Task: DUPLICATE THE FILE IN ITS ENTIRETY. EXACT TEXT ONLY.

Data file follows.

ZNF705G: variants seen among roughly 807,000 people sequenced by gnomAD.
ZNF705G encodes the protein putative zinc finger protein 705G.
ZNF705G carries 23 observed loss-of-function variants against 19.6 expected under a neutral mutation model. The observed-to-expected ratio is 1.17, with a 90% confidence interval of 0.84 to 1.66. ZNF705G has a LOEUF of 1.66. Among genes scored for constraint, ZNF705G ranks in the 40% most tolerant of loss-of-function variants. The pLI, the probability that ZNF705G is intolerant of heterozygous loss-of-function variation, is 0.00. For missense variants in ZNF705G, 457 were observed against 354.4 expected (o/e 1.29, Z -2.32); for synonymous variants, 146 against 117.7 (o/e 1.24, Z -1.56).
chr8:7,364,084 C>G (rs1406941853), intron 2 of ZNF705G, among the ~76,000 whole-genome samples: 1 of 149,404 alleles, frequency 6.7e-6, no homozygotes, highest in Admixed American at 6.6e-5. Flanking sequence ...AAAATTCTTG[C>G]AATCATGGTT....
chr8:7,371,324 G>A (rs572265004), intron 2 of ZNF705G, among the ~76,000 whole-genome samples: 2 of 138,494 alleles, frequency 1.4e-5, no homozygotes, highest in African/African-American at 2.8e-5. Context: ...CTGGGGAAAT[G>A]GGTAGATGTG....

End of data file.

ZNF705G: variants seen among roughly 807,000 people sequenced by gnomAD.
ZNF705G encodes the protein putative zinc finger protein 705G.
ZNF705G carries 23 observed loss-of-function variants against 19.6 expected under a neutral mutation model. The observed-to-expected ratio is 1.17, with a 90% confidence interval of 0.84 to 1.66. ZNF705G has a LOEUF of 1.66. Among genes scored for constraint, ZNF705G ranks in the 40% most tolerant of loss-of-function variants. The pLI, the probability that ZNF705G is intolerant of heterozygous loss-of-function variation, is 0.00. For missense variants in ZNF705G, 457 were observed against 354.4 expected (o/e 1.29, Z -2.32); for synonymous variants, 146 against 117.7 (o/e 1.24, Z -1.56).
chr8:7,364,084 C>G (rs1406941853), intron 2 of ZNF705G, among the ~76,000 whole-genome samples: 1 of 149,404 alleles, frequency 6.7e-6, no homozygotes, highest in Admixed American at 6.6e-5. Flanking sequence ...AAAATTCTTG[C>G]AATCATGGTT....
chr8:7,371,324 G>A (rs572265004), intron 2 of ZNF705G, among the ~76,000 whole-genome samples: 2 of 138,494 alleles, frequency 1.4e-5, no homozygotes, highest in African/African-American at 2.8e-5. Context: ...CTGGGGAAAT[G>A]GGTAGATGTG....